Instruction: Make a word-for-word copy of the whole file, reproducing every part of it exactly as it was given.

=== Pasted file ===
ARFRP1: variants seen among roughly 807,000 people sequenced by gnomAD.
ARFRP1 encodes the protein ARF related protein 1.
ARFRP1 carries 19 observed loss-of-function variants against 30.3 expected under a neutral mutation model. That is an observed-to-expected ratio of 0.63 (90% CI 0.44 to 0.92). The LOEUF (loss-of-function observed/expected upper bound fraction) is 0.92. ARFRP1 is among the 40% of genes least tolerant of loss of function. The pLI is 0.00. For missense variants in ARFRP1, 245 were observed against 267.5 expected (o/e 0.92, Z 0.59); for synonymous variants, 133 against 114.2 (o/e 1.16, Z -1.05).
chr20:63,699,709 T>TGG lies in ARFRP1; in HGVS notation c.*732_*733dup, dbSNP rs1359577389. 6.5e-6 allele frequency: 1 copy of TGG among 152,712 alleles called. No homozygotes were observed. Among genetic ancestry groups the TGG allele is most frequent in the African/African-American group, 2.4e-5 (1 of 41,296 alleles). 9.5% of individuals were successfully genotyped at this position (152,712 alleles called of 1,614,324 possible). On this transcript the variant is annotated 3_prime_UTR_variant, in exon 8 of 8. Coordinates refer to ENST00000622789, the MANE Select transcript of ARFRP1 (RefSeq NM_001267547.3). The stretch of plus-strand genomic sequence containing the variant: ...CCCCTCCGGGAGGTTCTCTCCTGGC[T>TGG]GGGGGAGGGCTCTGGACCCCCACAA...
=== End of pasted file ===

ARFRP1: variants seen among roughly 807,000 people sequenced by gnomAD.
ARFRP1 encodes the protein ARF related protein 1.
ARFRP1 carries 19 observed loss-of-function variants against 30.3 expected under a neutral mutation model. That is an observed-to-expected ratio of 0.63 (90% CI 0.44 to 0.92). The LOEUF (loss-of-function observed/expected upper bound fraction) is 0.92. ARFRP1 is among the 40% of genes least tolerant of loss of function. The pLI is 0.00. For missense variants in ARFRP1, 245 were observed against 267.5 expected (o/e 0.92, Z 0.59); for synonymous variants, 133 against 114.2 (o/e 1.16, Z -1.05).
chr20:63,699,709 T>TGG lies in ARFRP1; in HGVS notation c.*732_*733dup, dbSNP rs1359577389. 6.5e-6 allele frequency: 1 copy of TGG among 152,712 alleles called. No homozygotes were observed. Among genetic ancestry groups the TGG allele is most frequent in the African/African-American group, 2.4e-5 (1 of 41,296 alleles). 9.5% of individuals were successfully genotyped at this position (152,712 alleles called of 1,614,324 possible). On this transcript the variant is annotated 3_prime_UTR_variant, in exon 8 of 8. Coordinates refer to ENST00000622789, the MANE Select transcript of ARFRP1 (RefSeq NM_001267547.3). The stretch of plus-strand genomic sequence containing the variant: ...CCCCTCCGGGAGGTTCTCTCCTGGC[T>TGG]GGGGGAGGGCTCTGGACCCCCACAA...